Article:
According to a prospective, real-world, clinical cohort study, the systemic treatment of atopic dermatitis (AD) can lead to an increased relief of skin symptoms as well as improved mood.
Utilizing data from SwedAD, a Swedish national registry of patients with AD on systemic treatment between June 2017 and August 2021, a total of 120 patients were started on dupilumab, methotrexate, or ciclosporin. These patients were followed at 6 and 12 months for the primary outcome of depressive symptoms using the Montgomery–Åsberg Depression Rating Scale–self-report (MADRS-S).
The six-month follow-up data revealed that 59 patients (48 on dupilumab, 10 on methotrexate, and one on ciclosporin) reported remarkable improvement in all nine depressive symptoms in MADRS-S. The most significant of these was improved sleep.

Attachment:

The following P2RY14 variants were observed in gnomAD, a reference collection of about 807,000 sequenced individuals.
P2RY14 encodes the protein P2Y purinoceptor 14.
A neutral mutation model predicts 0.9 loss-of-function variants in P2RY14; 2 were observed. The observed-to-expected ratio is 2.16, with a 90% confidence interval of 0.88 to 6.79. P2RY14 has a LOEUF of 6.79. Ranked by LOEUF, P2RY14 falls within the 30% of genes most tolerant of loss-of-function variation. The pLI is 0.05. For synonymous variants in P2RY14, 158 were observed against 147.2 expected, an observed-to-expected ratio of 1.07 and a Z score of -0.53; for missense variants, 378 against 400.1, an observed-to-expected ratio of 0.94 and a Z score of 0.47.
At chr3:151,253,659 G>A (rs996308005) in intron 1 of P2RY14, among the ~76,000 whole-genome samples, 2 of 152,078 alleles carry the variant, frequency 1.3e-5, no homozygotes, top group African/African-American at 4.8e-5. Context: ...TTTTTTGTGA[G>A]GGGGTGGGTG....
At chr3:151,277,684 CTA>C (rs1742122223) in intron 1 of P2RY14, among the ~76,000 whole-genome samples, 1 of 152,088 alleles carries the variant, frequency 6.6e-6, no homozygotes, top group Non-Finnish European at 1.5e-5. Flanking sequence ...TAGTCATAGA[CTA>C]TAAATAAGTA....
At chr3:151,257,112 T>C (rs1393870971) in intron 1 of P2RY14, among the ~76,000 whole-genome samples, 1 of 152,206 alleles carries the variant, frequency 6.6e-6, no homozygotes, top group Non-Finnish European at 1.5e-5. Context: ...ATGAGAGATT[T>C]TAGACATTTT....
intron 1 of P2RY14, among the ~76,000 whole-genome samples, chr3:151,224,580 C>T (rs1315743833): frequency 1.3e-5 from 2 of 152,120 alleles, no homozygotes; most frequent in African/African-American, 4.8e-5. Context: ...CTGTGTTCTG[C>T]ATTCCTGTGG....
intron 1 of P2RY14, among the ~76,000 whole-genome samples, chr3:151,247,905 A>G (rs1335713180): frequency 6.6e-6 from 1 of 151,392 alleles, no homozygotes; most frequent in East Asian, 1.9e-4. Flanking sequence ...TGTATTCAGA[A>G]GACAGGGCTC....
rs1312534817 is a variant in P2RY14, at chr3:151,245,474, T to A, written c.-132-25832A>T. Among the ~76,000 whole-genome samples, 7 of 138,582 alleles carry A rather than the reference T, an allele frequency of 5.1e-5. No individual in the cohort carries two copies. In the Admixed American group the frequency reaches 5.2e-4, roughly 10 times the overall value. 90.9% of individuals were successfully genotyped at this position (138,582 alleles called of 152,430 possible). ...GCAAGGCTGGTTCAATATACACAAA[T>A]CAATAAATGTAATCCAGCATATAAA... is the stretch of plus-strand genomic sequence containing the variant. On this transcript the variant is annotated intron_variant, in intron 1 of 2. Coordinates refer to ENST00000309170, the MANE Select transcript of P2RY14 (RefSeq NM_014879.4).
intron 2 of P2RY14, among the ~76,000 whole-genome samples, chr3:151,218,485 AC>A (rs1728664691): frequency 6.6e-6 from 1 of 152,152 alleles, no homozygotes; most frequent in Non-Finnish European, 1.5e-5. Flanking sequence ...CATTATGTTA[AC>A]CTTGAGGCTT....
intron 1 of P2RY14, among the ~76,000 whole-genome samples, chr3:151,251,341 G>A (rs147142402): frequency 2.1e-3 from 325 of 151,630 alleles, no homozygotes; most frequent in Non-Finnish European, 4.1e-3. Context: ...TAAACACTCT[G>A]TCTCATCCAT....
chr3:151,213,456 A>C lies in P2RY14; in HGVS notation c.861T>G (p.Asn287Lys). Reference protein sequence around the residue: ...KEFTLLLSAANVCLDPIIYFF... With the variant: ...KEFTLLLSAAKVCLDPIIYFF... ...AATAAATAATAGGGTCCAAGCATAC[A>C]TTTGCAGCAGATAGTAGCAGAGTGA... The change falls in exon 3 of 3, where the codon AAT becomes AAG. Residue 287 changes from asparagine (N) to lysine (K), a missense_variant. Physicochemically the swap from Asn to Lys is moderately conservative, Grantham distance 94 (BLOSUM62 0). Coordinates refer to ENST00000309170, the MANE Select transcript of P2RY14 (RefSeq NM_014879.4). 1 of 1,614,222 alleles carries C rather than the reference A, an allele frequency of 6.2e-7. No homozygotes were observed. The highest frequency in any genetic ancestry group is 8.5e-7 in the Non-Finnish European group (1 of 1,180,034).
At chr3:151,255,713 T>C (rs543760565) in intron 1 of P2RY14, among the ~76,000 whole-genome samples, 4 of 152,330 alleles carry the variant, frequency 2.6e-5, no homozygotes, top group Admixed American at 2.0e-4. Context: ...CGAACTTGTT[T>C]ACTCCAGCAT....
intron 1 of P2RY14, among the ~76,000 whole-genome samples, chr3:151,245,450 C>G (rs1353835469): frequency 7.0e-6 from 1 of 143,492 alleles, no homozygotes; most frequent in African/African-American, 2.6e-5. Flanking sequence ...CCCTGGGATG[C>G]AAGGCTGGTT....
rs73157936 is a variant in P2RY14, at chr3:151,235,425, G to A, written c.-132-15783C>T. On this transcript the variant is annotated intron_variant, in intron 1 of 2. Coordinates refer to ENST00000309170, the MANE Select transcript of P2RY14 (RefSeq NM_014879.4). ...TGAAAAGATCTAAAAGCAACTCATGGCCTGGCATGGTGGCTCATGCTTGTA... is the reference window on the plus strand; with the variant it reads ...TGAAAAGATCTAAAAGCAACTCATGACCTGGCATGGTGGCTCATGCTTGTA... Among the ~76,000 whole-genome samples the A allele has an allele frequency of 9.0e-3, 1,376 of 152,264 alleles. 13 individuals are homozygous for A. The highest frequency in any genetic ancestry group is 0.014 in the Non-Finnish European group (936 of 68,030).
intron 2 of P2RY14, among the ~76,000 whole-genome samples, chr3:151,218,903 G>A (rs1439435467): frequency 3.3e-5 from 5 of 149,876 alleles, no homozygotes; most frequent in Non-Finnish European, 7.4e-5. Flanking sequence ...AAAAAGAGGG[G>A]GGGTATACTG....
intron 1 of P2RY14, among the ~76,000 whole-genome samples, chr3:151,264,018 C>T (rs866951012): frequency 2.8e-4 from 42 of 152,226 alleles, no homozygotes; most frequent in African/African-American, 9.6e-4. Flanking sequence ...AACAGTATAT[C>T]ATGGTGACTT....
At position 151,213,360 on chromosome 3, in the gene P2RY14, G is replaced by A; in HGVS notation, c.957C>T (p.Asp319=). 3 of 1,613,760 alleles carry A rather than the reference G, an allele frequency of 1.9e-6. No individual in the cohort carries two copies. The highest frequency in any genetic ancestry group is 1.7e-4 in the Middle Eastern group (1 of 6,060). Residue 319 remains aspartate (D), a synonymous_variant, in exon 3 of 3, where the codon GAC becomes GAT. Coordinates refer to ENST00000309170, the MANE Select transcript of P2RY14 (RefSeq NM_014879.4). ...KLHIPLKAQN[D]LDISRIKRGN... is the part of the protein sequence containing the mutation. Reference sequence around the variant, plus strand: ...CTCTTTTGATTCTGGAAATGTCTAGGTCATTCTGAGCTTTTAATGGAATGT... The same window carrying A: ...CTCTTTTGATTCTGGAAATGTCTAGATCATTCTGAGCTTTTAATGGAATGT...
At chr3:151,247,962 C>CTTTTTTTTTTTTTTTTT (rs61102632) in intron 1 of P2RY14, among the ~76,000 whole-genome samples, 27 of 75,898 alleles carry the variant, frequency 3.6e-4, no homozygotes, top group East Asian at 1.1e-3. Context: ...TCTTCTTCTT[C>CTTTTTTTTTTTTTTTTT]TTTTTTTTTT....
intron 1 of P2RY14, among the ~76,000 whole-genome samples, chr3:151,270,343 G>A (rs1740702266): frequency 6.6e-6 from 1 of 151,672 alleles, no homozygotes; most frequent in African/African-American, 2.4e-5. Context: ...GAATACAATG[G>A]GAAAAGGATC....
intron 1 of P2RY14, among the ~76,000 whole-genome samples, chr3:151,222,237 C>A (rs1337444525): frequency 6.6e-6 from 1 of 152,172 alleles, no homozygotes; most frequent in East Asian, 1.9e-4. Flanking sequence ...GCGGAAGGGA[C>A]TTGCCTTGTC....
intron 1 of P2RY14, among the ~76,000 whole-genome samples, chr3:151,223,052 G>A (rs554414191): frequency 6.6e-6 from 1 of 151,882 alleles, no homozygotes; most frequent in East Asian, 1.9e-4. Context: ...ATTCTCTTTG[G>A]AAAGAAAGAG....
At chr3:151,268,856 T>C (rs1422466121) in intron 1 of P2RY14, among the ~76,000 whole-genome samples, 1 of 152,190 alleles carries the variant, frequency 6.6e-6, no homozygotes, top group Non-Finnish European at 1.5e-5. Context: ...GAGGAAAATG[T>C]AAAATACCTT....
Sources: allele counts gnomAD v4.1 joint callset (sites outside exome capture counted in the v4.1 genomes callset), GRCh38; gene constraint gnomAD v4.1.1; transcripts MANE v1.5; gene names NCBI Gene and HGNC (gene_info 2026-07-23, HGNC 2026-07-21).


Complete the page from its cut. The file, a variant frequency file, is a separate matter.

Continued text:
Looking at the secondary outcome of depressive symptoms, which included the Eczema Area and Severity Index (EASI) score, Patient-Oriented Eczema Measure (POEM), the Dermatology Life Quality Index (DLQI), and pruritus visual analog scale/numeric rating scale (VAS/NRS), researchers found a strong correlation between all of these and the MADRS-S score.
Marissa Joseph, MD, a pediatric dermatologist at the University of Toronto, Ontario, Canada, and moderator in the study, stated,
She goes on to state that, “exploring those types of symptoms is something we need to do more of, and the severity of the disease and reasons for treatment are not just what you can see.”
Considering the mental health implications of skin disorders, Dr. Joseph weighs in on the options available for dermatologists and their patients in this area. For example, once a mental health issue is established, what are the next steps? She states that while in some practices, there are systems in place for referrals, this is not necessarily the case for dermatologists.